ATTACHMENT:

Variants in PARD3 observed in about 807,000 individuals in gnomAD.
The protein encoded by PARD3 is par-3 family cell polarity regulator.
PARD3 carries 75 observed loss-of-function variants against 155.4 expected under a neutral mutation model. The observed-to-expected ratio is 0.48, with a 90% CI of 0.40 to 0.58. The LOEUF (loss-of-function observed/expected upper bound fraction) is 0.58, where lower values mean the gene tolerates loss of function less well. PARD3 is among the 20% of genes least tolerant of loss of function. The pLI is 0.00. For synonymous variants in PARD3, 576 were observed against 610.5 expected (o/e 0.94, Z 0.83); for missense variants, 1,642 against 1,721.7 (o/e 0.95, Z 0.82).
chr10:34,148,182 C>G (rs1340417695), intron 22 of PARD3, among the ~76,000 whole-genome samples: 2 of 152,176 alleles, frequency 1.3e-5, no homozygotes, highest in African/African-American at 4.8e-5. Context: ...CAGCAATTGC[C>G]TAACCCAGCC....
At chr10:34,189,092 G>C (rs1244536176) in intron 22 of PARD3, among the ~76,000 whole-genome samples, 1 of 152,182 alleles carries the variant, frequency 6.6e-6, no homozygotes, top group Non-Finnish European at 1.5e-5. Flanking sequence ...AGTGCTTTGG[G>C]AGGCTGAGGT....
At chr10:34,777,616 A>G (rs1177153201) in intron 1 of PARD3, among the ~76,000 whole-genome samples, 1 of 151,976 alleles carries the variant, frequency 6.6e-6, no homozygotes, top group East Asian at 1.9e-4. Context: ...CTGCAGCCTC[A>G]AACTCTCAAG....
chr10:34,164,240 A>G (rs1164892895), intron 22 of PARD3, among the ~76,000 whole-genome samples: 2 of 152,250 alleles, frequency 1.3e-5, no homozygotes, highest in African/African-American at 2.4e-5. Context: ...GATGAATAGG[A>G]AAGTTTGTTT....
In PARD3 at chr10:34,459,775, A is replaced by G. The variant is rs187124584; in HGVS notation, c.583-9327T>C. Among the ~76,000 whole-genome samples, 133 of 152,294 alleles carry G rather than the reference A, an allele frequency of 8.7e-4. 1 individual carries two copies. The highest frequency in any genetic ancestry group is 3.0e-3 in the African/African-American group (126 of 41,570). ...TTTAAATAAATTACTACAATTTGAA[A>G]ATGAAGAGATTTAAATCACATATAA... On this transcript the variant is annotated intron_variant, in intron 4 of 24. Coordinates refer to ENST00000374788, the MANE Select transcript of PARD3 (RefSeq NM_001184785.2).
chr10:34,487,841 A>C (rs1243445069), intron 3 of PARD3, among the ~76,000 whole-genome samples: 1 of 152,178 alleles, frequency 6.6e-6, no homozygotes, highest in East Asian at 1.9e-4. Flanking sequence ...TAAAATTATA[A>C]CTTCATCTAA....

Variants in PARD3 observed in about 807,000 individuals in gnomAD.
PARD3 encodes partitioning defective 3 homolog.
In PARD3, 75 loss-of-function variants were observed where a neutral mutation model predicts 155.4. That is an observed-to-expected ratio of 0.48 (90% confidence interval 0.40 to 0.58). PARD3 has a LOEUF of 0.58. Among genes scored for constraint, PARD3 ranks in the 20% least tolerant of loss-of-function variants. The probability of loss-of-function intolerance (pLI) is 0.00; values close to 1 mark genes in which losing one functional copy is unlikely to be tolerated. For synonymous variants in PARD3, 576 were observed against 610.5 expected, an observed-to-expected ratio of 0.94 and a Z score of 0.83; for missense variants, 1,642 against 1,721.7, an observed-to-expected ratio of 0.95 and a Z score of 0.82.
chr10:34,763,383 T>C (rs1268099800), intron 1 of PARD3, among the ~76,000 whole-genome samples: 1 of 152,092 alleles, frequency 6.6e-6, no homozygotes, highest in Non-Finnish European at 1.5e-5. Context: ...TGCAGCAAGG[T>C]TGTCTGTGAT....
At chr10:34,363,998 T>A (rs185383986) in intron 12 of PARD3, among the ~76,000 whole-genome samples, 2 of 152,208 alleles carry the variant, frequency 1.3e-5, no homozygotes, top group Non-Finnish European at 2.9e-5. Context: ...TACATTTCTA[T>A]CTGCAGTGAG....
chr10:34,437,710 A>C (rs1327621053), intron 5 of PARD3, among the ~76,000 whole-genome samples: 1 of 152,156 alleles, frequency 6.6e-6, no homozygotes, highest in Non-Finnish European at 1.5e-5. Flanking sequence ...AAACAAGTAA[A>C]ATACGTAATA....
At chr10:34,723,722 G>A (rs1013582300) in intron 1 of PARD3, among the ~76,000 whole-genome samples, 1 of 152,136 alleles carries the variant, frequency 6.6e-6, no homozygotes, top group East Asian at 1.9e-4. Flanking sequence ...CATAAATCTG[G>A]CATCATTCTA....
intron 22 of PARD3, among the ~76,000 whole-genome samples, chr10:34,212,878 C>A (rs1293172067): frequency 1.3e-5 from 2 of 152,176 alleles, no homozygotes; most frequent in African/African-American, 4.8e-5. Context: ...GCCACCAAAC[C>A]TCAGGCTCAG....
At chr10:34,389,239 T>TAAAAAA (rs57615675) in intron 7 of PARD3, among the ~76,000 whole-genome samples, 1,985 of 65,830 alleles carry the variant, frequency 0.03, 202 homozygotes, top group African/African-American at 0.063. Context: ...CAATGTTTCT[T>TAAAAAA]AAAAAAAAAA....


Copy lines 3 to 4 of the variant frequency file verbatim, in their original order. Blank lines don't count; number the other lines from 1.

PARD3 carries 75 observed loss-of-function variants against 155.4 expected under a neutral mutation model. The observed-to-expected ratio is 0.48, with a 90% CI of 0.40 to 0.58. The LOEUF (loss-of-function observed/expected upper bound fraction) is 0.58, where lower values mean the gene tolerates loss of function less well. PARD3 is among the 20% of genes least tolerant of loss of function. The pLI is 0.00. For synonymous variants in PARD3, 576 were observed against 610.5 expected (o/e 0.94, Z 0.83); for missense variants, 1,642 against 1,721.7 (o/e 0.95, Z 0.82).
chr10:34,148,182 C>G (rs1340417695), intron 22 of PARD3, among the ~76,000 whole-genome samples: 2 of 152,176 alleles, frequency 1.3e-5, no homozygotes, highest in African/African-American at 4.8e-5. Context: ...CAGCAATTGC[C>G]TAACCCAGCC....